California Closely Held Corporation Requirements and Formation
The attorneys of Theta Law Firm can advise you in your business formation, transactional, and investment needs.
The California Corporations Code allows for the creation of a statutory close corporation. Qualifying businesses can form a California close corporation to avoid some of the formalities applicable to California Corporations generally. Shareholders are given more direct control over the corporation. The reduced requirements for close corporations makes it harder for creditors to go after the personal assets of shareholders.
Under California law, the failure of a close corporation to observe corporate formalities relating to certain meetings of directors and shareholders cannot be considered a factor when determining whether a shareholder will be personally liable for corporate obligations. (See California Corporations Code section 300.) In other words, in some circumstances, the failure to comply with certain corporate formalities cannot be used against shareholders (whereas they can be with regular corporations).
Close Corporation Requirements:
- The Articles of Incorporation must state how many shares the corporation is authorized to issue (that number cannot exceed 35). It must also specifically state that the corporation is a close corporation. A form for the Articles of Incorporation of a California close corporation can be found on the California Secretary of State's website here: http://www.sos.ca.gov/business/corp/pdf/articles/arts-cl.pdf. You can use this form or create your own.
- California close corporations cannot have more than 35 shareholders. Corporations, partnerships, and other business associates are considered one shareholder for purposes of this requirement, unless the primary purpose of the entity was to acquire the close corporation's shares. Spouses are also considered one shareholder.
- Shareholders should execute a written agreement setting forth what decisions the shareholders must exercise control over, as opposed to the corporation's board. This agreement must be maintained by the corporation's secretary.
- The share certificates issued by a California close corporation must conspicuously state: "This corporation is a close corporation. The number of holders of record of its shares of all classes cannot exceed 35. Any attempted voluntary inter vivos transfer which would violate this requirement is void. Refer to the articles, bylaws and any agreements on file with the secretary of the corporation for further restrictions."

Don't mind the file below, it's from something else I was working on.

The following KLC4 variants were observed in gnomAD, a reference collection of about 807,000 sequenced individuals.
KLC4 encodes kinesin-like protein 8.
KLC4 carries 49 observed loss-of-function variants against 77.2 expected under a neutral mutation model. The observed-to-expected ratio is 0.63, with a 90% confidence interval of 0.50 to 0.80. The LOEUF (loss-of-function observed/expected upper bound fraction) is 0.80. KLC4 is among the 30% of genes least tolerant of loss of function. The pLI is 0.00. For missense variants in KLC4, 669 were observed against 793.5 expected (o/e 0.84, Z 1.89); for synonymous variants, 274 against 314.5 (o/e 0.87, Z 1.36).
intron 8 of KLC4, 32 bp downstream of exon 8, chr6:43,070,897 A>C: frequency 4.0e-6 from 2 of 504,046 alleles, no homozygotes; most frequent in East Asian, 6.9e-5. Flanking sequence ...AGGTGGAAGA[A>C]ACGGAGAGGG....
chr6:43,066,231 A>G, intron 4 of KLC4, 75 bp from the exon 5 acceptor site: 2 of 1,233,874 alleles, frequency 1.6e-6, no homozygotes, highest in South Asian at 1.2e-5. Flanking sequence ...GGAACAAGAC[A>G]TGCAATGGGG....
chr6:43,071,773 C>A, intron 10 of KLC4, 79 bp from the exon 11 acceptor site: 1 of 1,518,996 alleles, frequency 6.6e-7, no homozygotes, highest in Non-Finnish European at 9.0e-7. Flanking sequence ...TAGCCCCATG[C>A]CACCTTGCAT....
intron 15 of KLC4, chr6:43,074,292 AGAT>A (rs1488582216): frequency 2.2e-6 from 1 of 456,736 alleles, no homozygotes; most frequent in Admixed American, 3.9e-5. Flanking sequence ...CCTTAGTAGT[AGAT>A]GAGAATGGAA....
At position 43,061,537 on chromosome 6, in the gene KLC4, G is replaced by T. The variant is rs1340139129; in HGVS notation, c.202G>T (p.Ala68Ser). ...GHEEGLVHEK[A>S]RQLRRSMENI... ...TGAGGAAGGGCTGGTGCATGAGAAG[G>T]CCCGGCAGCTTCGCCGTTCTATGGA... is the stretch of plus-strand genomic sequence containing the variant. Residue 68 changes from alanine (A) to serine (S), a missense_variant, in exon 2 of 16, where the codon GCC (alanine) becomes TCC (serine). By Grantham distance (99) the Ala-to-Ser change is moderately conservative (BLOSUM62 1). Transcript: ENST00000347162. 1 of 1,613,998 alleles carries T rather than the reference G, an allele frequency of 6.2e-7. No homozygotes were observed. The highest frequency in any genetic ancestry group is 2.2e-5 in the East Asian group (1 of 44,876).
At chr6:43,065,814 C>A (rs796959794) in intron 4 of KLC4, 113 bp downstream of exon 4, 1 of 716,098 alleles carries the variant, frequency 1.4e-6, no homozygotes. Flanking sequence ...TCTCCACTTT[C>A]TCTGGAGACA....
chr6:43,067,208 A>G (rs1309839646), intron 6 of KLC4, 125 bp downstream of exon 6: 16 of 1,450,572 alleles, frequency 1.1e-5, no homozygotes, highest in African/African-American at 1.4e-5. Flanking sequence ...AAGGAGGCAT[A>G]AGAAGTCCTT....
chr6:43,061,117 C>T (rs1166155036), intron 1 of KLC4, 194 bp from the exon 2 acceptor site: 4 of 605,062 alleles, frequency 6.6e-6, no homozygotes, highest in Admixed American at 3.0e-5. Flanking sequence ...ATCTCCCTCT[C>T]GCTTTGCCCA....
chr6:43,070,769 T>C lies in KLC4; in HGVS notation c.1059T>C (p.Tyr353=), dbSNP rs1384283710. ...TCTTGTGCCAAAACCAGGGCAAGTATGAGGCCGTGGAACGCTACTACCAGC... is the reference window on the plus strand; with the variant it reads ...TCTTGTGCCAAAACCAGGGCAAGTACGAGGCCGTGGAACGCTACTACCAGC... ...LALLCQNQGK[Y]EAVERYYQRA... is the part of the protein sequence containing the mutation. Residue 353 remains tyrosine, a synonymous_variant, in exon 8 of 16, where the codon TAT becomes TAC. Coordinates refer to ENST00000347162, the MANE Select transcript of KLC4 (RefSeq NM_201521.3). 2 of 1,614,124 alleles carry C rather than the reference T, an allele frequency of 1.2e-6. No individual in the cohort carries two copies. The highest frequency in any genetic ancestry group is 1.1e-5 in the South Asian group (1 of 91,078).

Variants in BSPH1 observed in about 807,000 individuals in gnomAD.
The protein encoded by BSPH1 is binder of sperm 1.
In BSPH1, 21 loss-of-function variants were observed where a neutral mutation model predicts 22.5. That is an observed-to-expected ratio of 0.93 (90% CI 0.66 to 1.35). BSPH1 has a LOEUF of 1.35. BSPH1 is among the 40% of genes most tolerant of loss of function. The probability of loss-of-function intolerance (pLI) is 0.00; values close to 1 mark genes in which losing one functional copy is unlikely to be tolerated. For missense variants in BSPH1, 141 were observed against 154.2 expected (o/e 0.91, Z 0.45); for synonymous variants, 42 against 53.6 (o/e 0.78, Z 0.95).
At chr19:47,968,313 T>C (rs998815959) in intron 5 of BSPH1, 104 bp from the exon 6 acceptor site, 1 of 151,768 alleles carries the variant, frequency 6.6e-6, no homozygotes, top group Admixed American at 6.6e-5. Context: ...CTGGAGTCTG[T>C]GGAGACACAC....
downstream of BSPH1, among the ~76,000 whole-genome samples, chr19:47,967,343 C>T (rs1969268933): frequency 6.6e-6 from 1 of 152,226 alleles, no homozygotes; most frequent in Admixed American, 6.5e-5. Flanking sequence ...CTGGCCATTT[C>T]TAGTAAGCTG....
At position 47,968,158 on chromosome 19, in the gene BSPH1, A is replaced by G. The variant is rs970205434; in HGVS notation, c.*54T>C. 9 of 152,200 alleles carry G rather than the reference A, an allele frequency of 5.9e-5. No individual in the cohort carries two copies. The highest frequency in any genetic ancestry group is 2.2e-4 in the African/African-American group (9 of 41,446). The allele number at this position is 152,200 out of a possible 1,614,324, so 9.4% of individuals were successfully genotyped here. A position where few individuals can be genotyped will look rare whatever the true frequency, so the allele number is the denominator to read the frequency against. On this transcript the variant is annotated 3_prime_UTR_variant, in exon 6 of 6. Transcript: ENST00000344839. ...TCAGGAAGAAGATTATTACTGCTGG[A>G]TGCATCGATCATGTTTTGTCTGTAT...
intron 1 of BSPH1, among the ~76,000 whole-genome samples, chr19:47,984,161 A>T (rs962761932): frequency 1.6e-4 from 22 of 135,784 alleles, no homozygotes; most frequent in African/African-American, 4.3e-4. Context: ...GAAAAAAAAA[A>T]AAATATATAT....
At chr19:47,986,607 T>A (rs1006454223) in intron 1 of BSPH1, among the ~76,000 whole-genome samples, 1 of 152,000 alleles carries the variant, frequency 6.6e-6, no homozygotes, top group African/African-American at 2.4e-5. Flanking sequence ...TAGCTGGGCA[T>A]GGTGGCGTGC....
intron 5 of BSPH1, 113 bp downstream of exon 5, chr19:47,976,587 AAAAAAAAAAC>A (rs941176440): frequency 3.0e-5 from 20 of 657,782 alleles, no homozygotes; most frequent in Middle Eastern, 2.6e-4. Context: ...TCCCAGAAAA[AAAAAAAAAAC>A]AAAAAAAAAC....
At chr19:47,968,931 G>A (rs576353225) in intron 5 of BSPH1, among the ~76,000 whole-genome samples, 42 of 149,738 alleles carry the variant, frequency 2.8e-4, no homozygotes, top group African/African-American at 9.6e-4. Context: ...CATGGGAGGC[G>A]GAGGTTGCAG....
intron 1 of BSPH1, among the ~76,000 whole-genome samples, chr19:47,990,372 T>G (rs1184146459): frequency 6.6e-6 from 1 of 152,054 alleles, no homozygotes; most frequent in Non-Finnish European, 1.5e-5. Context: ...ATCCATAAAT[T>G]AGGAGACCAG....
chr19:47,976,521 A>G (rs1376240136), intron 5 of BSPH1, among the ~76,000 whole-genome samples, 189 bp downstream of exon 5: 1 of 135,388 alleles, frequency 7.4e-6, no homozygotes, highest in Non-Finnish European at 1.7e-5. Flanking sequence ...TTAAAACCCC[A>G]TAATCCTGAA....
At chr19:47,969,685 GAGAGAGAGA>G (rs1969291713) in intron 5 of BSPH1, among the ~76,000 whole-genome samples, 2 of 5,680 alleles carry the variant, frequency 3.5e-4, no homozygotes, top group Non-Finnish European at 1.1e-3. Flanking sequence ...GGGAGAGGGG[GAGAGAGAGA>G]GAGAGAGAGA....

- California close corporations cannot go public.
- Close corporations can allow greater control by minority shareholders. Owners are generally provided greater latitude in operating their close corporation.
- Profits may be distributed disproportionately to share ownership (this may disqualify you from the ability to elect S corporation status).
- Corporate formalities can be dispensed with to the extent allowed for in the corporation's shareholders' agreements and by-laws.
- It may be harder for third parties to "pierce the corporate veil" and go after your personal assets if you have a properly formed close corporation.
- You may need to follow some of the standard corporate formalities anyway because some third parties you do business with may require some of those formal documents to do business with you.
- Shareholders who manage the business can still be liable for breach of fiduciary duties that are applicable to directors/officers of regular corporations.
- Forming a close corporation can be more expensive because it requires the creation of a shareholder's agreement.
- A California close corporation may not be able to elect S corporation status if it distributes profits disproportionately.
- Close corporations may be less attractive to investors because of the restrictions on transferring shares and the power of even minority shareholders to help manage the corporation.
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